Galaxy Story

A 3-D Tour of Our Galaxy

Page 2 of 3


The Praesepe cluster lies at about 587 light years and has an estimated age of 650 million years. Praesepe is commonly referred to as the "Beehive" cluster, because its round and fuzzy shape reminds us of a swarm of bees. It is easily visible to the naked eye, and thus known since ancient times. Praesepe is made up of about 100 stars and lies at the center of the Cancer constellation.

A cluster is a group of typically 100 stars that are gravitationally bound and that were born at the same time, with a given chemical composition.

How to view the 3-D image:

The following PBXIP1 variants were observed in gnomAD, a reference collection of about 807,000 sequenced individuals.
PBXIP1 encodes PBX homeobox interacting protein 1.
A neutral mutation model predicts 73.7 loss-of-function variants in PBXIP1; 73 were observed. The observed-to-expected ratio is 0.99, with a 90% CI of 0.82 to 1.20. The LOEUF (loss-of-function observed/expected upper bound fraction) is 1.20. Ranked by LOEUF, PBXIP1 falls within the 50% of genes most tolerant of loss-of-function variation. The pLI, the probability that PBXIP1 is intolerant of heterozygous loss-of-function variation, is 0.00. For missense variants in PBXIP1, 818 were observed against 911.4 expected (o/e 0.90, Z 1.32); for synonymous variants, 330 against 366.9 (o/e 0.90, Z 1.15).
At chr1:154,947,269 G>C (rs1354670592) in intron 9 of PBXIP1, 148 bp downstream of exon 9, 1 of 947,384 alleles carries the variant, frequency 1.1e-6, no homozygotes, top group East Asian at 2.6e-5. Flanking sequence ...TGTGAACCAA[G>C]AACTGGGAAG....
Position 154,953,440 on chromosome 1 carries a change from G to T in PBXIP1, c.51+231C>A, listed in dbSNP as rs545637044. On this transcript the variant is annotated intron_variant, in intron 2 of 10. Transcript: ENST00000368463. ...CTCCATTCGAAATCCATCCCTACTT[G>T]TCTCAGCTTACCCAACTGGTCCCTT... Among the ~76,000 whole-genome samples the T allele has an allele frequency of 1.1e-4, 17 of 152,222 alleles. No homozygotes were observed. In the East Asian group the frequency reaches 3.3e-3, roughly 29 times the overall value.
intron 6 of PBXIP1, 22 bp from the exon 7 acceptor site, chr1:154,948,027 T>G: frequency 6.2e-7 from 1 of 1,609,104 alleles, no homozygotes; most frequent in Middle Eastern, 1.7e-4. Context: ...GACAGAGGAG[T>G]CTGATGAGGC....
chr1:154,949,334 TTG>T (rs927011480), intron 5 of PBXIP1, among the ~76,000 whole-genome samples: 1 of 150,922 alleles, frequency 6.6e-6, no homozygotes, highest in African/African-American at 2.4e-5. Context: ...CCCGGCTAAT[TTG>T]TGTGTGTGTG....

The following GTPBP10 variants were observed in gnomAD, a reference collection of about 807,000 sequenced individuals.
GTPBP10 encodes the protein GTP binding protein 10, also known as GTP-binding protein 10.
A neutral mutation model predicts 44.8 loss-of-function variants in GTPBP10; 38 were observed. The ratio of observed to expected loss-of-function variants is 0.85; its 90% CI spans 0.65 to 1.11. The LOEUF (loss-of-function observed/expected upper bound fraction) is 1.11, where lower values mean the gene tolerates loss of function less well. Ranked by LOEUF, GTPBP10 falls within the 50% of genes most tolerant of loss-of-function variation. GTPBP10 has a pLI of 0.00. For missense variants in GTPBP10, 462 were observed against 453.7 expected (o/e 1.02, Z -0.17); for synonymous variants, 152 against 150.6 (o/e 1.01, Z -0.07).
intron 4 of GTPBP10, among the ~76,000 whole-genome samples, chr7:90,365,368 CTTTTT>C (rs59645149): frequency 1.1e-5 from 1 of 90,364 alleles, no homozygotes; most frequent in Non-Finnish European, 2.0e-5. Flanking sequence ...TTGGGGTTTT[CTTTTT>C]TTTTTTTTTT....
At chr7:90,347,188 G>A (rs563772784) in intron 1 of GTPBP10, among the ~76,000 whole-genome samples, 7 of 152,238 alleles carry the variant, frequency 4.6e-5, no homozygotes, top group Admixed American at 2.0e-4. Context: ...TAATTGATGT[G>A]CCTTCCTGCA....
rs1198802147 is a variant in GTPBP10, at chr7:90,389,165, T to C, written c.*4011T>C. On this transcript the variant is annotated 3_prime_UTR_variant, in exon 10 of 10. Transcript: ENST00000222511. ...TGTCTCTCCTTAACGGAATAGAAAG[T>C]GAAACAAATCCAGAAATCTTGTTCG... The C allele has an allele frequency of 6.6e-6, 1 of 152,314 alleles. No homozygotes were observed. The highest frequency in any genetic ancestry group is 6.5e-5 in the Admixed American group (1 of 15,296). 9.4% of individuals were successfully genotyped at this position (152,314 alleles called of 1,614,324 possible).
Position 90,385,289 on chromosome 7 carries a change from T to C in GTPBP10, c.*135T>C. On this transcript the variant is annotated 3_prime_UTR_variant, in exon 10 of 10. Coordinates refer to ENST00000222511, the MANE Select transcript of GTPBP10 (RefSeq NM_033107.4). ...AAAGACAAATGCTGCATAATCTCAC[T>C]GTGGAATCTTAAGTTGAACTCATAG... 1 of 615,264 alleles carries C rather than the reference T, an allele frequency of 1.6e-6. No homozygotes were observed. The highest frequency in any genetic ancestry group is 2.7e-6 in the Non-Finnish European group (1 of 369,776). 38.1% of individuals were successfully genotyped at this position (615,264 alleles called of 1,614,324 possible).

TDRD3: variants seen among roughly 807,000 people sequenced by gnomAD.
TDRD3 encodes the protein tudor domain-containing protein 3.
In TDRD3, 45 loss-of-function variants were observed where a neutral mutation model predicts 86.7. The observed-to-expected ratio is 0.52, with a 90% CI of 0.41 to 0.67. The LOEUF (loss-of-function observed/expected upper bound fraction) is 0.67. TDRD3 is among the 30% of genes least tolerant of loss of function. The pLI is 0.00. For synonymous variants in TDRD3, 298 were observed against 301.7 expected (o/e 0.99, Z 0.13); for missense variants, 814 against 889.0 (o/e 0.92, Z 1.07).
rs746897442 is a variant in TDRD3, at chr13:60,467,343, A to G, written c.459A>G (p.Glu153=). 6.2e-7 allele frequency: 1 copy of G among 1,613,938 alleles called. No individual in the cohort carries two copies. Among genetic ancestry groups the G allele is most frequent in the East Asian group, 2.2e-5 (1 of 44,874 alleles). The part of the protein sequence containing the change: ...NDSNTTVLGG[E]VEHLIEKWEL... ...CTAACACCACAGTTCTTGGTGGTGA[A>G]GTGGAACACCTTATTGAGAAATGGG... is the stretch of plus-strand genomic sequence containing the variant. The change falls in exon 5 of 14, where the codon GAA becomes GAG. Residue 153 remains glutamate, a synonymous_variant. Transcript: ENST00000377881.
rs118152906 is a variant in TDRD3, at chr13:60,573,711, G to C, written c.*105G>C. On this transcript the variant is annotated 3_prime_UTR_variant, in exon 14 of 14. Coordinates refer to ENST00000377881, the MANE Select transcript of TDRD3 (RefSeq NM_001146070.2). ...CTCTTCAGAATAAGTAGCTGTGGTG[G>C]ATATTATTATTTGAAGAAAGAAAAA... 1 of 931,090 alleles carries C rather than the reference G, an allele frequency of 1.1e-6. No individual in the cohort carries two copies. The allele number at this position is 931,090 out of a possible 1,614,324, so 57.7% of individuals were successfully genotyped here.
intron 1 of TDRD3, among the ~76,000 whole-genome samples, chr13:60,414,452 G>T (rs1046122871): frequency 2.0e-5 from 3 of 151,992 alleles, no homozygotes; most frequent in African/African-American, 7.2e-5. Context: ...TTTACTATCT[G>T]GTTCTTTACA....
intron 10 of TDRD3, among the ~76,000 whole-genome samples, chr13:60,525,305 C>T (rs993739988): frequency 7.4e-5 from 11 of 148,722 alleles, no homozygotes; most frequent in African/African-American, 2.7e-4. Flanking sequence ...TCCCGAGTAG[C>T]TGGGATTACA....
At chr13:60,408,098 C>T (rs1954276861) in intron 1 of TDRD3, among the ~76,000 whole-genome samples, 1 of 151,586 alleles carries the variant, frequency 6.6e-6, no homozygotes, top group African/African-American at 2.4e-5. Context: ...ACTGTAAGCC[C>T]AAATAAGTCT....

The pair of images above represents a star field of about 6 by 6 degrees. To see the cluster in three dimensions use the following "fused, free-eye imaging" method. View the page from a distance of about 30-50 cm. Focus on the images, but relax the eyes so that they converge at infinity (imagine that you are staring through the screen at a distant point, so that the left eye observes and focuses on the left image, while the right eye focuses on the right image). Fix on a particular object until the depth effect appears: when it does, the results are dramatic. For best results, when printed, each image should be about 5.5 cm in width, and the image pair should be separated by approximately 0.5 cm.


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